Other candidates said they had little direct contact with the political workers who were later charged, and that they couldn't be held responsible if the politiqueras veered into illegal activity.

“There were a lot of people involved in the get-out-the-vote effort,” said David Swift, a San Antonio Republican who lost his statehouse bid in 2000 to Zaffirini.

Swift's campaign finance report shows clerical work done by Estela Saenz, who was charged by the state Attorney General’s office in December 2008 with seven counts of providing false information on a mail-in ballot application. In April, Saenz received a 12-month pretrial diversion with 80 hours of community service, according to the AG's office.

“A lot of those workers they would get from the smaller towns,” Swift said. “And I know people would come by and ask if they could get work putting up signs, and so on.

Swift explained that workers came and went during his campaign, as they do in many. “And they sometimes are only hired or brought on board for something specific, and our field coordinators handle them.”

Saenz worked for a number of state office candidates, and even ended up working for Swift's one-time opponent, Zaffirini, in fall 2008. Saenz' work for Zaffirini was listed on the Democratic senator’s finance report as “general election GOTV.”

Zaffirini called Saenz a “lovely lady” who she was happy to have working for her. And she said she didn’t believe that having a connection to someone accused or convicted of voter fraud tarnished a candidate.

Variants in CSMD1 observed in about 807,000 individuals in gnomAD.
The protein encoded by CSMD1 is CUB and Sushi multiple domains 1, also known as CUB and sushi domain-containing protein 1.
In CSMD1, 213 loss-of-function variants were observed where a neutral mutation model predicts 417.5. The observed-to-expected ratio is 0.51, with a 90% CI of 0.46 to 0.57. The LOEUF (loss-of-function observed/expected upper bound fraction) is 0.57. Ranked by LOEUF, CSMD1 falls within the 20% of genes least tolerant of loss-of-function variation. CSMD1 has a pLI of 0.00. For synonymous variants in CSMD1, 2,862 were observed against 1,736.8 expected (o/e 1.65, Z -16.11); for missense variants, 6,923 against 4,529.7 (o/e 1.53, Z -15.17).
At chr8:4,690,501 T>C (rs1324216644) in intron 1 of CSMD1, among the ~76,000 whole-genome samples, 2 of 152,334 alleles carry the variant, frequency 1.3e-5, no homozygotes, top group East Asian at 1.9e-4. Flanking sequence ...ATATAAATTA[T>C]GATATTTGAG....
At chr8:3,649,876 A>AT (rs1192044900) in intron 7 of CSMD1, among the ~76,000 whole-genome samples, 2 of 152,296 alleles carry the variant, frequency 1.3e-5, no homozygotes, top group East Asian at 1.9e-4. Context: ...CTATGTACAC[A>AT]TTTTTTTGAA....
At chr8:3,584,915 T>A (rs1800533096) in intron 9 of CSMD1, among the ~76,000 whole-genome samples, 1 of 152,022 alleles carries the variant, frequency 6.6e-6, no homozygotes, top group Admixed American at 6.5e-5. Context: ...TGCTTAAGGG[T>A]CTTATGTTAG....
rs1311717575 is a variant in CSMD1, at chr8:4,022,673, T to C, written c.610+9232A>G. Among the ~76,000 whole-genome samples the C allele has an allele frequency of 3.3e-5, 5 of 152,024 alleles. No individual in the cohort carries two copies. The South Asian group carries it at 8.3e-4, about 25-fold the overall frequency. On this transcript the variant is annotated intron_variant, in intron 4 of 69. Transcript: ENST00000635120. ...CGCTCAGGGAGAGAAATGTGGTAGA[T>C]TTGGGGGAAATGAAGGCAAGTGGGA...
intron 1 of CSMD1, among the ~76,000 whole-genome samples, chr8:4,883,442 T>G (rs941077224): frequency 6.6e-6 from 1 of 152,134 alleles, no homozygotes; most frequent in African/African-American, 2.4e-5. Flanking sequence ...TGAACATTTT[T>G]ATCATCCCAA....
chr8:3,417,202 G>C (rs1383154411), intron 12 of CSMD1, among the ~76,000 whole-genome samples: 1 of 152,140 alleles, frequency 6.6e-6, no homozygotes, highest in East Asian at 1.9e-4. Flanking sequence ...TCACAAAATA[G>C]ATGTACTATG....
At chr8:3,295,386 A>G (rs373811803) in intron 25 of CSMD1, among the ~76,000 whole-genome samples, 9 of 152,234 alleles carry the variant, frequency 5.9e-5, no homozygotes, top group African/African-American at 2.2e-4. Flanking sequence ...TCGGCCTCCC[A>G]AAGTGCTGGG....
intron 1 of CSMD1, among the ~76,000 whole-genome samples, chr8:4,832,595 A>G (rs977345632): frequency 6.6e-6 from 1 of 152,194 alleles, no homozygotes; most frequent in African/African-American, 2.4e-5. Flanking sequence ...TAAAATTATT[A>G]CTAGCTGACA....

“Absolutely not,” Zaffirini said. “Because I do not run my campaign. I’m the candidate. I have very limited staff and volunteers who run my campaign.”

She said she allocates a certain amount for get out the vote activities in each region of her district, then relies on “key organizers” in those areas. In Webb County, for example, her get-out-the-vote budget might be $2,000, she said.

“That money is typically used for gasoline and things like that.”

Saenz also worked for former appeals court Justice Lopez in 2000, according to finance reports, doing “get out the vote” work. She lives in Dimmit County, about 50 miles north of the Mexican border.

Saenz told Texas Watchdog that she was not guilty of the charges but declined to speak further.

Virginia Ramos Garza was paid $200 by the Nueces County Democratic Party in October 2004, noted as “contract labor.”

Eight months later, she was charged with four counts of possessing an official ballot or carrier envelope of another voter in the Robstown school district election.

Garza, who declined to comment on her charges to Texas Watchdog, was sentenced in March 2006 to one year pretrial diversion and is not allowed to campaign until she takes a course in election law, according to the AG's office.

She has not shown up on any statewide office payroll since her misdemeanor conviction.

No one in the local party could recall what Garza was doing that fall in terms of work.

But newly elected party chair Rose Harrison said candidates, especially those running for a higher office, should ensure all workers know the rules before they are allowed to work. That way, there is no chance of even a whiff of scandal.

“If these people are going to help anyone, including senators and state representatives, they need to be trained well,” Harrison said. “Many of these helpers are older people, and they don’t know all the rules. I would want to make sure anyone working for candidates knows all the rules. And that is the campaign coordinator’s job.

Contact Steve Miller at stevemiller@texaswatchdog.org or 832-303-9420.